Hike #31 (58G) – Kennesaw Mountain NMP

Kennesaw Mountain NMP was the location of a major battle in the taking of Atlanta during the Civil War.  The high ground was owned by the confederate army.  The full hike is 5.0 miles up the main mountain and the neighboring Little Kennesaw Mountain.  There are shorter or longer options available.  There is also a shuttle to the top if you don’t hike.  The park is free to the public and was very busy on this Memorial Day.

The hike starts at the gift shop and proceeds up the mountain at a challenging incline.  It is roughly a mile to the top.  Being Memorial Day, cannons were being fired at the base of the mountain as I made my way to the top.   Once there, you can see the position of four cannons and a scenic view of downtown Atlanta.  It made me wonder what the view would have been during the Civil War.  Past the Atlanta skyline, you can also see the distant Stone Mountain.

The confederate soldiers were at a disadvantage even holding the high ground.  The Southern cannons were inaccurate smooth bores while the Northern troops had highly accurate rifled cannons.  The entire mountain was covered in trenches built by Southern soldiers for protection.  Troop positions were noted on signs throughout the park.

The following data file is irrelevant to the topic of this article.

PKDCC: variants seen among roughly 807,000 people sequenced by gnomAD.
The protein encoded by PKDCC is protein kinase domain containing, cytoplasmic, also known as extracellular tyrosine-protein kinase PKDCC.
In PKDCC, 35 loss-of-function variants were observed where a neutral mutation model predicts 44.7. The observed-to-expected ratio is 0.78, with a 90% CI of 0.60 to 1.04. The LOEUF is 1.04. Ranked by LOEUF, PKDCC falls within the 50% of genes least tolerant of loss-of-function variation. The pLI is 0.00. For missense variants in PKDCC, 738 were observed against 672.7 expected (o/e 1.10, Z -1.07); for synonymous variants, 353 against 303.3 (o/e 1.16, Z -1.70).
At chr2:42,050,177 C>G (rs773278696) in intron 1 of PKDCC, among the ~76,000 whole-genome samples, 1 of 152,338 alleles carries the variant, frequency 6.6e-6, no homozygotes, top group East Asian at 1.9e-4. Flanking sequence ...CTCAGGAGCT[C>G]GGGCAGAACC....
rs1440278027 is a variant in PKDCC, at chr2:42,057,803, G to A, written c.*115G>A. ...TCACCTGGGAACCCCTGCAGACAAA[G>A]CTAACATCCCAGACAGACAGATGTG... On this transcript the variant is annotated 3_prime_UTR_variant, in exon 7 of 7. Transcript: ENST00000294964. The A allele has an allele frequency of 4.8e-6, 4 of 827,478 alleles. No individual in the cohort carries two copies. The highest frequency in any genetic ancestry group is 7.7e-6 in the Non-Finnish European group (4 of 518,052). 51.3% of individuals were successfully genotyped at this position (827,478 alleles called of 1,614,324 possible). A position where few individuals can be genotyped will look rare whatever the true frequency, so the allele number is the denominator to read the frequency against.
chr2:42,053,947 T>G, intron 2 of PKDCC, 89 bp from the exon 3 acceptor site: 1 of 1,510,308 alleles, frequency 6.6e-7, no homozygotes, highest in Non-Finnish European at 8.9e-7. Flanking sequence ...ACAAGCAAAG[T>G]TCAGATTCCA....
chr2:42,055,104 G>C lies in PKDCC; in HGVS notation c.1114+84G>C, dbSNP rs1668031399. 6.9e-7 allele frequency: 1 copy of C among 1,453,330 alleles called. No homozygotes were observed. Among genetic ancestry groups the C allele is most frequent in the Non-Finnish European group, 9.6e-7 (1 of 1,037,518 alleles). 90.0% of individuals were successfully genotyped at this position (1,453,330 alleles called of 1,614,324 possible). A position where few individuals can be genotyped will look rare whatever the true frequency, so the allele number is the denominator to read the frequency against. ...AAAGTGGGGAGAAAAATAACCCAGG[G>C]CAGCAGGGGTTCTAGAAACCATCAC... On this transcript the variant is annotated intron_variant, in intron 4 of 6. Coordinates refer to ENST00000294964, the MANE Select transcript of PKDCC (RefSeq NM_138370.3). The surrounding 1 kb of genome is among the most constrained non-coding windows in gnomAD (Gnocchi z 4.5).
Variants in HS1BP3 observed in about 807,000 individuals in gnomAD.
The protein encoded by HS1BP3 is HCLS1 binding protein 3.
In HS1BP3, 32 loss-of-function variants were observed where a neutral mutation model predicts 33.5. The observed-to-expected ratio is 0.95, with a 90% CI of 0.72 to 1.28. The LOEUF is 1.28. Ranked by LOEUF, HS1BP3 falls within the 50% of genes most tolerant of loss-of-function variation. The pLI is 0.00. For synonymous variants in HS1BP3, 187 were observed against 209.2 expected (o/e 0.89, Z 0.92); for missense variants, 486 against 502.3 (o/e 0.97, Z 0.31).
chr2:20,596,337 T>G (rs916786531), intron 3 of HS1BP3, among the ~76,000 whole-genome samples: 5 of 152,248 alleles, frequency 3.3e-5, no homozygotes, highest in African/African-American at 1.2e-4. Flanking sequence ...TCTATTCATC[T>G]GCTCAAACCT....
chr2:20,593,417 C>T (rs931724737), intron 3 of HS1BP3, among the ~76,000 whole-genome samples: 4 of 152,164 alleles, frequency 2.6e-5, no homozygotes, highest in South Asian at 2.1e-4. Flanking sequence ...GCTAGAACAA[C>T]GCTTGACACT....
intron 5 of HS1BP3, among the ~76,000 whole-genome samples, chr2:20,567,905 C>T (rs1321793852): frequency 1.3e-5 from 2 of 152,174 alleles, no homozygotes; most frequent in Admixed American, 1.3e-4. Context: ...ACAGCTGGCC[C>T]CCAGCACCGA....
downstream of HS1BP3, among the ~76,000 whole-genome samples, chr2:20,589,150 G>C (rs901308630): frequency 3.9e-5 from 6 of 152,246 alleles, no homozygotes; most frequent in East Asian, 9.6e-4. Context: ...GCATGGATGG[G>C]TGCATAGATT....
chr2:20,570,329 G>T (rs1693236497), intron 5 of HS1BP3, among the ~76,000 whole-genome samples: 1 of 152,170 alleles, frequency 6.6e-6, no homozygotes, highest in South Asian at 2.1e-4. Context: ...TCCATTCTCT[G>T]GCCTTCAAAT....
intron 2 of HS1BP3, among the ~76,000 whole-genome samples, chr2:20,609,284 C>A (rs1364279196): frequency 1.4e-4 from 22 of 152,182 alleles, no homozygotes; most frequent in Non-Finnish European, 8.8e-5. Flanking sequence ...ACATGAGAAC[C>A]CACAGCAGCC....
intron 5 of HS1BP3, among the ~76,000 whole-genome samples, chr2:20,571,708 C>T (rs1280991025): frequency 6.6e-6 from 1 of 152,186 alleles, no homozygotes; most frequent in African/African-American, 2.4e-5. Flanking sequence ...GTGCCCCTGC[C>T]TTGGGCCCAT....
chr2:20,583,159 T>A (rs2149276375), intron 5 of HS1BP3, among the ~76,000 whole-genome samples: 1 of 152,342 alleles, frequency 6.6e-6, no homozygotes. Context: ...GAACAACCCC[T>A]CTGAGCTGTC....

The mountain itself was covered in large boulders that no doubt played a role in protecting Northern troops as they took the mountain.

The top of the mountain was covered in bluming cacti which are unusual to the area.

This is a lovely mountain hike that can be added to an Atlanta visit.  Still, the constant trench lines remind you of what happened at this place.  Many of the wounded from this battle and those that followed were transported by rail to a small, inadequate hospital beside Auburn University, my alma mater and current town.  Most to never recover.

Hike #30 (n/a) – Dismals Canyon

Dismals Canyon, about a hour north of Jasper, was one of my favorite hikes yet.  It is near the town of Phil Campbell, Alabama and continues the same rain forest feel as Natural Bridge.  I can’t imagine why this hike didn’t make the top 50 other than being short and on private property.

The location was nicely developed with a soda counter for lunch and a covered deck for resting.  The hike itself proceeds down about 5 stories into the canyon and continues 1.5 miles though spectacular scenery with a creek crossing or two along the way.

On this hike, do make a reservation one week in advance for the day/night combo.  The canyon is known for what they call “dismalites”, a type of glow worm if you will.  These are only found in a few places in the world.  My understanding is that this larvae lives about six months.  They weave a small silky web around themselves and glow to attract food sources into their webs.  It was explained that the larvae were the main reason for the notably fewer mosquitos in the canyon.  Still, bug spray and a red lens flashlight would be recommended.  On the .5 mile guided night tour, they take you to several darker areas were you can view the glowing larvae.  I was unable to capture this on my camera but borrowed a photo from their website.  We were told that Jessie James used this area as a hide out and was one of the first to write about the Dismalites.